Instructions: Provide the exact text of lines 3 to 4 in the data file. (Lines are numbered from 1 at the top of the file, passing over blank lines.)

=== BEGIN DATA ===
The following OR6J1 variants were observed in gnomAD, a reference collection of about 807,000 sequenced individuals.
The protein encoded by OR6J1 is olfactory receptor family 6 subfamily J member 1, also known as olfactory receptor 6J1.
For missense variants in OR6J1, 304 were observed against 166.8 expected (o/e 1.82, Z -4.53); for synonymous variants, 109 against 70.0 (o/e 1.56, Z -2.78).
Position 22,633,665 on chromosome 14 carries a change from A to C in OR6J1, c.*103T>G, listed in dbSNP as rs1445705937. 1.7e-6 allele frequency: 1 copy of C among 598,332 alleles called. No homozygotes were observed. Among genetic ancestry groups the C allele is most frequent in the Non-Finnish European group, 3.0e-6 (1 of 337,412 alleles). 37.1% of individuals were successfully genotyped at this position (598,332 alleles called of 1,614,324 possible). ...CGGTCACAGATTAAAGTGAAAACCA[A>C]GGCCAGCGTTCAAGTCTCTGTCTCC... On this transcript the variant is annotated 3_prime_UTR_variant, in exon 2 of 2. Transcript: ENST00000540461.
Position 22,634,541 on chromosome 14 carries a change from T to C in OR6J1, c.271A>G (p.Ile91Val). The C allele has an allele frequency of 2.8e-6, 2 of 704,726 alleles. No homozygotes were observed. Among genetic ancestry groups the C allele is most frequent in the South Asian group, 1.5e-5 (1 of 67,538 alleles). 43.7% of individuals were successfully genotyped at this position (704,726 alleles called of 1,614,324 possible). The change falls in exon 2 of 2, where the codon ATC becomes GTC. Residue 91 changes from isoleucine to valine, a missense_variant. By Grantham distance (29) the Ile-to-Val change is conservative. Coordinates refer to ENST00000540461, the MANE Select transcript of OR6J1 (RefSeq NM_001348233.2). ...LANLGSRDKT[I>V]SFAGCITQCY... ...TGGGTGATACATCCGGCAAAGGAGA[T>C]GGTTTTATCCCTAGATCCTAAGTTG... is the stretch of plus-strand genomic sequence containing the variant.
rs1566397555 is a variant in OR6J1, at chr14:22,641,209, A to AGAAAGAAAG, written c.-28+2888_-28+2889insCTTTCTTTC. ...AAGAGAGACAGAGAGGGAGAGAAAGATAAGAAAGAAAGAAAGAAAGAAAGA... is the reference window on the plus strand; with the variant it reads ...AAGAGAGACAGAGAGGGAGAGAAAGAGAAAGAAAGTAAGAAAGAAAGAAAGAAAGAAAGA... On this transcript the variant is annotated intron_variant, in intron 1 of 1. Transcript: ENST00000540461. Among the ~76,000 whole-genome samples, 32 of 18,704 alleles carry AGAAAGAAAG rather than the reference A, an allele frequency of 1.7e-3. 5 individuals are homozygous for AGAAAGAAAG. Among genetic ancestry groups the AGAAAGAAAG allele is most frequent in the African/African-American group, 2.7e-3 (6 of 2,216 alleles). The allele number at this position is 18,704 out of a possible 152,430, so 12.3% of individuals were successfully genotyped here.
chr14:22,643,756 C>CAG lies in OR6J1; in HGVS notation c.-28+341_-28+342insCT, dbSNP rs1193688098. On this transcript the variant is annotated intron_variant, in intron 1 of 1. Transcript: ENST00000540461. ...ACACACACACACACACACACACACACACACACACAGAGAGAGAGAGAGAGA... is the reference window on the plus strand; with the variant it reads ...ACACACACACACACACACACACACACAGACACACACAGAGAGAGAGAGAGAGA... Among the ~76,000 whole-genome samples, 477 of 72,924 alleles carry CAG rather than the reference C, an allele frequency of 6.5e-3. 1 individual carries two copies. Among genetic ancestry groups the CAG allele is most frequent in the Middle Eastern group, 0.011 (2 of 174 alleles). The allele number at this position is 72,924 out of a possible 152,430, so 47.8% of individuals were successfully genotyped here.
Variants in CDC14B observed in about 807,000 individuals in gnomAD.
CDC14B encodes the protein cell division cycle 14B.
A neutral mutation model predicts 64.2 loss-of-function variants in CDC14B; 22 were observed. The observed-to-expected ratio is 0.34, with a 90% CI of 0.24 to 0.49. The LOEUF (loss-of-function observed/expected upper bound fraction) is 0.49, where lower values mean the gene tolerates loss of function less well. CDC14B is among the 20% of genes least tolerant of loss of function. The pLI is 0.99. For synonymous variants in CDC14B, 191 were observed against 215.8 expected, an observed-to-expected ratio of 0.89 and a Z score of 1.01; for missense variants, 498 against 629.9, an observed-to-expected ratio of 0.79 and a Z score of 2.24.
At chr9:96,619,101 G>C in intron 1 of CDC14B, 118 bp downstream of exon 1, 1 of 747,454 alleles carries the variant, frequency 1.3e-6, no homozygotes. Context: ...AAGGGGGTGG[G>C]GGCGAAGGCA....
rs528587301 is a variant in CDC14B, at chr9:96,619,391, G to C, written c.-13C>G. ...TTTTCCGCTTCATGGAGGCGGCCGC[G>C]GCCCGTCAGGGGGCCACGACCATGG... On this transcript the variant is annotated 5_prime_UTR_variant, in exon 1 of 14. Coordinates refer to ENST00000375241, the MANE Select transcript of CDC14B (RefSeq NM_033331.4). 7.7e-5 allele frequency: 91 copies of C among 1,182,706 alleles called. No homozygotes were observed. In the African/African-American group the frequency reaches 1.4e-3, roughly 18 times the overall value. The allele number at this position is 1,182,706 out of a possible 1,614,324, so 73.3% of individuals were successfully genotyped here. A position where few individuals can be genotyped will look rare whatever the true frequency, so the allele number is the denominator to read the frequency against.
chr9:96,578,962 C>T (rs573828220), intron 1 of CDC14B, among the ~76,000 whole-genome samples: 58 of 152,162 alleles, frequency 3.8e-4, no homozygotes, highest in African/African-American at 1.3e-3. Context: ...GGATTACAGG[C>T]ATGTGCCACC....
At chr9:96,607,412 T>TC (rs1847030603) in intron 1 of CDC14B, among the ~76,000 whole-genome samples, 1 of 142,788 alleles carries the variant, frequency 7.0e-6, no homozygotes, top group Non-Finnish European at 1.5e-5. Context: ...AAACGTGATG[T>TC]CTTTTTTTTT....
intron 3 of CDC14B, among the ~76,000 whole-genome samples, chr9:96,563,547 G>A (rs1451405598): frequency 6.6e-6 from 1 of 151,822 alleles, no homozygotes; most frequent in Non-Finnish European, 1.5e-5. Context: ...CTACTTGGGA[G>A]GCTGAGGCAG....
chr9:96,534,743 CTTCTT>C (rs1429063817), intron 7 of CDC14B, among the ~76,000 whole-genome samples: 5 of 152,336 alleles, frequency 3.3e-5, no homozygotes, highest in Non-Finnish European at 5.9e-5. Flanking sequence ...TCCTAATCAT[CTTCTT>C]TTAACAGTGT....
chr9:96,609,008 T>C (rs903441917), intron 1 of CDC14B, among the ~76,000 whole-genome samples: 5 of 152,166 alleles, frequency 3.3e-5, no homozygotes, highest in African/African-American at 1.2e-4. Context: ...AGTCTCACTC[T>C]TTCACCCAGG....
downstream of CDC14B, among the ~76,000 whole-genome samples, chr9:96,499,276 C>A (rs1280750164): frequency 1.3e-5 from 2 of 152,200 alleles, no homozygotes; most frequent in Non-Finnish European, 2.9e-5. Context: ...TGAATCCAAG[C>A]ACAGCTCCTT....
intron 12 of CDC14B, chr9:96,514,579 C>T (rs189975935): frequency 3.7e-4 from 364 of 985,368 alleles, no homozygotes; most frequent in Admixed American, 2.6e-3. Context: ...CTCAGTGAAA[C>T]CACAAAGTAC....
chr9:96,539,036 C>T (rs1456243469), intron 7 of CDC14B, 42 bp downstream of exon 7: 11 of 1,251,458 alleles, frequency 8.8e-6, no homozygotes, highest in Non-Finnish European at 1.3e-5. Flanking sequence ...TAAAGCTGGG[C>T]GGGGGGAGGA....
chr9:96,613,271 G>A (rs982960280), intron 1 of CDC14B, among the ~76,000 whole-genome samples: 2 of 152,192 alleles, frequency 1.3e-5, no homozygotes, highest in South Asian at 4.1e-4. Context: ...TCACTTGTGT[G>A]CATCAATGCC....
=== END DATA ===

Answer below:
For missense variants in OR6J1, 304 were observed against 166.8 expected (o/e 1.82, Z -4.53); for synonymous variants, 109 against 70.0 (o/e 1.56, Z -2.78).
Position 22,633,665 on chromosome 14 carries a change from A to C in OR6J1, c.*103T>G, listed in dbSNP as rs1445705937. 1.7e-6 allele frequency: 1 copy of C among 598,332 alleles called. No homozygotes were observed. Among genetic ancestry groups the C allele is most frequent in the Non-Finnish European group, 3.0e-6 (1 of 337,412 alleles). 37.1% of individuals were successfully genotyped at this position (598,332 alleles called of 1,614,324 possible). ...CGGTCACAGATTAAAGTGAAAACCA[A>C]GGCCAGCGTTCAAGTCTCTGTCTCC... On this transcript the variant is annotated 3_prime_UTR_variant, in exon 2 of 2. Transcript: ENST00000540461.